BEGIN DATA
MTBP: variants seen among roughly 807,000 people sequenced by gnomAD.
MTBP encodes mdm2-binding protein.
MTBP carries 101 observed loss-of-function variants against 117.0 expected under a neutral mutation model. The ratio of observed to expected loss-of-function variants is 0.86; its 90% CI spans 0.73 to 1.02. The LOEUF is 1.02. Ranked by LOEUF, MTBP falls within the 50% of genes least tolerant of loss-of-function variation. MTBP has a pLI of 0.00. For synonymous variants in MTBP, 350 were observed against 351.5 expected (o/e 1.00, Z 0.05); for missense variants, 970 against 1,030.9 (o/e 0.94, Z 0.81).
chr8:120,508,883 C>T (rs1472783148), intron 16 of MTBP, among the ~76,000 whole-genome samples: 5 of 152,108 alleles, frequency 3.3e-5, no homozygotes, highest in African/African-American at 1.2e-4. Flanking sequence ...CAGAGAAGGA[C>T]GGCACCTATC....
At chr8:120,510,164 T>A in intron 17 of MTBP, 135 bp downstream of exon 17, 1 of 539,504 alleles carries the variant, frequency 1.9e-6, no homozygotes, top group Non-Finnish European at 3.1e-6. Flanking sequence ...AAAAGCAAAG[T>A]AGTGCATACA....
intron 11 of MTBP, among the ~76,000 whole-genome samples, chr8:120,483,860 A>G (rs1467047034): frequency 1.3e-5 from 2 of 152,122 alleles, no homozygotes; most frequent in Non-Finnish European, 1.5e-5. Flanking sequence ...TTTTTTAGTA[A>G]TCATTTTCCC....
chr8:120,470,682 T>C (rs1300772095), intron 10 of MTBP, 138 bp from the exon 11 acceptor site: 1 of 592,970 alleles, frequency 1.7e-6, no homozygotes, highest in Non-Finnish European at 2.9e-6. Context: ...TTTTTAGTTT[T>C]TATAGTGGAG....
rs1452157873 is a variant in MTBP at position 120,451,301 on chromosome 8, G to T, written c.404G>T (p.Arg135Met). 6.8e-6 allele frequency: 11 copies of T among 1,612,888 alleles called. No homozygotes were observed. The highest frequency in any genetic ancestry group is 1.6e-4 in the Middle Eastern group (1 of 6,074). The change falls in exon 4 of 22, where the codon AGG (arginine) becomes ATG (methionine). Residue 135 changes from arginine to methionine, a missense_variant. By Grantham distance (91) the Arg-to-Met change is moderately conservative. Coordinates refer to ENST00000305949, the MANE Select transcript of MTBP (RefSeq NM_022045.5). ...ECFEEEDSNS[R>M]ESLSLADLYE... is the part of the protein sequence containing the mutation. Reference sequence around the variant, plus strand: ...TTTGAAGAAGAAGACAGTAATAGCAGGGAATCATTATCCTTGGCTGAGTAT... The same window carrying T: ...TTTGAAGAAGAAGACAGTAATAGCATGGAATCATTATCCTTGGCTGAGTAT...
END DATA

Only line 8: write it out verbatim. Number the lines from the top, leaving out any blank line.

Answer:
rs1452157873 is a variant in MTBP at position 120,451,301 on chromosome 8, G to T, written c.404G>T (p.Arg135Met). 6.8e-6 allele frequency: 11 copies of T among 1,612,888 alleles called. No homozygotes were observed. The highest frequency in any genetic ancestry group is 1.6e-4 in the Middle Eastern group (1 of 6,074). The change falls in exon 4 of 22, where the codon AGG (arginine) becomes ATG (methionine). Residue 135 changes from arginine to methionine, a missense_variant. By Grantham distance (91) the Arg-to-Met change is moderately conservative. Coordinates refer to ENST00000305949, the MANE Select transcript of MTBP (RefSeq NM_022045.5). ...ECFEEEDSNS[R>M]ESLSLADLYE... is the part of the protein sequence containing the mutation. Reference sequence around the variant, plus strand: ...TTTGAAGAAGAAGACAGTAATAGCAGGGAATCATTATCCTTGGCTGAGTAT... The same window carrying T: ...TTTGAAGAAGAAGACAGTAATAGCATGGAATCATTATCCTTGGCTGAGTAT...